WHEN MAHINDA Rajapaksa’s astrologer advised the former Sri Lankan President to call for elections two years ahead of schedule, it turned out to be the worst prediction of his career. Rajapaksa lost to Maithripala Sirisena in a dramatic election in 2015. His astrologer offered in his own defence this one line: “Even Nostradamus got things wrong.”
I recognise that hapless oracle early in the pages of Ashok Ferrey’s new novel The Ceaseless Chatter of Demons. Our protagonist Sonny Mahadewala’s fortune- telling grandfather suffers exactly such a catastrophe and is forced to go into hiding. When he emerges, it is as a broken man. His last years are dedicated to calculating the auspicious times for toddlers’ birthday parties.
The astrologer’s spectacularly unsuccessful gamble is too good a story to resist, and Ferrey is clearly mining a rich vein here. Sri Lanka’s varied folkloric traditions are thick with superstition, demons waiting to be exorcised, and provide gorgeous visual spectacle.
Sonny, when we meet him is already an adult, not beloved of his mother, but on his way to successfully wooing Luisa, an American woman who he suspects is far too good for him. His mother Clarice, for reasons not always believable, is convinced the boy is riddled with evil spirits. She puts him on a boat to Oxford, hopeful that his demons will be discouraged from their possession by the water. The indomitable matriarch is as manipulative and callous as she sounds—she does not want her son to come back home.
For his part, Sonny drifts through university, and eventually manages to convince Luisa to marry him. They are both estranged from their pasts. Luisa from the wealth and ease she grew up with; Sonny from his life in the Mahadewala Walauwa, the big house on the mountain that is his fiefdom. Here Sonny is addressed as ‘my lord’, yet is known to all as the bane of his mother’s existence.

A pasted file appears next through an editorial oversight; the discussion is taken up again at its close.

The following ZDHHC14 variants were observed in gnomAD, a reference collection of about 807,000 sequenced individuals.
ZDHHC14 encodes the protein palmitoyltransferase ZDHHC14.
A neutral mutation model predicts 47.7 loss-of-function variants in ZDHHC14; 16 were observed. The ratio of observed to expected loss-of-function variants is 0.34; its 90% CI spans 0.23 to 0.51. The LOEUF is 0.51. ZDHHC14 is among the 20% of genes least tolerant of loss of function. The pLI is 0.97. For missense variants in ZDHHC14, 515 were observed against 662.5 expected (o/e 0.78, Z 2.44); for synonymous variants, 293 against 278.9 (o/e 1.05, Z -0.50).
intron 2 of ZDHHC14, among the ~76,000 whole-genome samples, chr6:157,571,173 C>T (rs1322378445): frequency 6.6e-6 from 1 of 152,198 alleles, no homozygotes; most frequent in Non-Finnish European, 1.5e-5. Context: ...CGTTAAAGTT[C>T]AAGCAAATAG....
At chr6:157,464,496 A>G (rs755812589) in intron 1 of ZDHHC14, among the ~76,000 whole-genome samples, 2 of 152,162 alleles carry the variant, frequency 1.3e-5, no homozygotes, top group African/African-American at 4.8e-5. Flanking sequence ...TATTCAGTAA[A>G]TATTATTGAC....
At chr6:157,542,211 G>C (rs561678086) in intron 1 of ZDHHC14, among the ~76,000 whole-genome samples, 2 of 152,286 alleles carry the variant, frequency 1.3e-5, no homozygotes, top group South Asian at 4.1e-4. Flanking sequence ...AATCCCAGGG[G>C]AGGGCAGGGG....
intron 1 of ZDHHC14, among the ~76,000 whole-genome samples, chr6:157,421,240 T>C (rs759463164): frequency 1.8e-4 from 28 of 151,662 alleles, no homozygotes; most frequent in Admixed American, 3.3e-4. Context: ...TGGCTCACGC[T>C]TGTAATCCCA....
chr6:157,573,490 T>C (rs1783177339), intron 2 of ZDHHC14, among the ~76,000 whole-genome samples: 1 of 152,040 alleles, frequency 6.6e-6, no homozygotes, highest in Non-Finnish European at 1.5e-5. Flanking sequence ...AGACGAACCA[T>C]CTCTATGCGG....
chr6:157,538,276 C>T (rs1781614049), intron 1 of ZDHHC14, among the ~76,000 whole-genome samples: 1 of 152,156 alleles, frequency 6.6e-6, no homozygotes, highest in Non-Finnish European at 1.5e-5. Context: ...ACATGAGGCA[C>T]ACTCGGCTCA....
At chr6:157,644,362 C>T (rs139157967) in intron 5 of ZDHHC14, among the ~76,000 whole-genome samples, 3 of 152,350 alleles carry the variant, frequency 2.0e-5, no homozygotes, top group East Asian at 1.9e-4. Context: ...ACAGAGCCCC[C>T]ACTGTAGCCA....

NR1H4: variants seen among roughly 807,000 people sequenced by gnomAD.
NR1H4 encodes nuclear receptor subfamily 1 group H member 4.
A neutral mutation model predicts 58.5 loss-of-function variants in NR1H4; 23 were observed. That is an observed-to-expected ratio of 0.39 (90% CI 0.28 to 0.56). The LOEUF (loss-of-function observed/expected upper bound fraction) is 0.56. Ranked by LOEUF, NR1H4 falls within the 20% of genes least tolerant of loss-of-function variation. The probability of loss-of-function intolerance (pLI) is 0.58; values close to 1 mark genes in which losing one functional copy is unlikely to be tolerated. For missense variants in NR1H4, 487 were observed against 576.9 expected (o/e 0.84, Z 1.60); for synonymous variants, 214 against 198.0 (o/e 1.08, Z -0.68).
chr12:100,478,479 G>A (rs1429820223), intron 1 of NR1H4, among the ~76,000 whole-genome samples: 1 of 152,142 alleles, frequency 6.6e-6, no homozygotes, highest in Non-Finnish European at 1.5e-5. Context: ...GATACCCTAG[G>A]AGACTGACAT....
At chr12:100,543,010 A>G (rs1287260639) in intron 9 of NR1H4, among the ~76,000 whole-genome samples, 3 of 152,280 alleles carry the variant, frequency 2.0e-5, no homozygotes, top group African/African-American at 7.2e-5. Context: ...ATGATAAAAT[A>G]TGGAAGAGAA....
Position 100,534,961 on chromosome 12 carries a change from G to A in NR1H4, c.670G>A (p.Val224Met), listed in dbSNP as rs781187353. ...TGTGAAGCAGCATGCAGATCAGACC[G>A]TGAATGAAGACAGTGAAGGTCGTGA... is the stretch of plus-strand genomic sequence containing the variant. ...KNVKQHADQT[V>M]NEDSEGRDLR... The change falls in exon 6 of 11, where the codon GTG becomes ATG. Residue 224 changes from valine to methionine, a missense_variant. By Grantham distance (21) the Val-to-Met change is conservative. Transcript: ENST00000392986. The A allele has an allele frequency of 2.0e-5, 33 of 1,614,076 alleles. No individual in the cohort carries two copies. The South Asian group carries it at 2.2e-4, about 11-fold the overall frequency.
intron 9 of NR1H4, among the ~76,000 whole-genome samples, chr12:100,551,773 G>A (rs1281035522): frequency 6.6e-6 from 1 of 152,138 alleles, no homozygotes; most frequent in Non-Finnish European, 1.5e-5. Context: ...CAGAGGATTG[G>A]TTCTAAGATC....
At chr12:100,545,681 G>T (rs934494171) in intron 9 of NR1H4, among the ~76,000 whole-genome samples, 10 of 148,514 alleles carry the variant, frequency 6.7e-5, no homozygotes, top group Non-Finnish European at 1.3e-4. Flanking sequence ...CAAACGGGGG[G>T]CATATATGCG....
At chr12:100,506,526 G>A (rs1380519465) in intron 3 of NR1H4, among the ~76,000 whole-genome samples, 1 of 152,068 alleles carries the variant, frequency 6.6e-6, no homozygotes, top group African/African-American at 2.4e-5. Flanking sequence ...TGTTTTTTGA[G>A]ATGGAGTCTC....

When Luisa and Sonny venture outside the cosy confines of their own marriage to meet each other’s families, it’s a deeply uncomfortable, sometimes hilarious process. Sonny is forced to confront his mother, who at this point has embarked on an ambitious excavation project. Convinced there is an ancient treasure buried somewhere under their home, she is digging up the floors, room by room.
Also waiting is the maid Sita. She and Sonny have always been close, and Sita is trapped in a nightmare from which she hopes Sonny will rescue her. Reliably, he only makes it all worse. Rounding out this eccentric cast is the Devil himself. But in Sri Lanka, Lucifer is jostled by local demons, all quite miffed that he should spread the stink of sulphur around their territory.
In Ferrey’s interpretation, the Devil is an entertaining if somewhat ineffectual being, a creature out of this time and certainly out of this place. Fans will be divided on this one— I think that this book did not need a demon which Clarice repeatedly mistakes for a cape-wearing transgender Australian, thereby insulting both transgender people and Australians simultaneously. (People who wear capes are, of course, fair game.)
Ferrey’s usual stomping ground is the Sri Lankan city of Colombo, but Kandy is the perfect choice for this book. The home of the Temple of the Sacred Tooth Relic, the holy city is still where you go to find what remains of Sri Lankan royalty. It is a setting worthy of Ferrey’s social commentary, his interest in turning a mocking eye on the foibles and failings of high society. But Ferrey makes choices that have him skirting deeper waters, particularly in the relationship between Clarice and Sonny. The novel promises a meditation on the complex nature of evil, but then concludes little more than that evil is banal and ubiquitous.
However, Ferrey’s talent, undeniably, is for a novel that is the literary equivalent of a great cocktail party. The Ceaseless Chatter of Demons is reliably entertaining company, and easily one of Ferrey’s funniest offerings.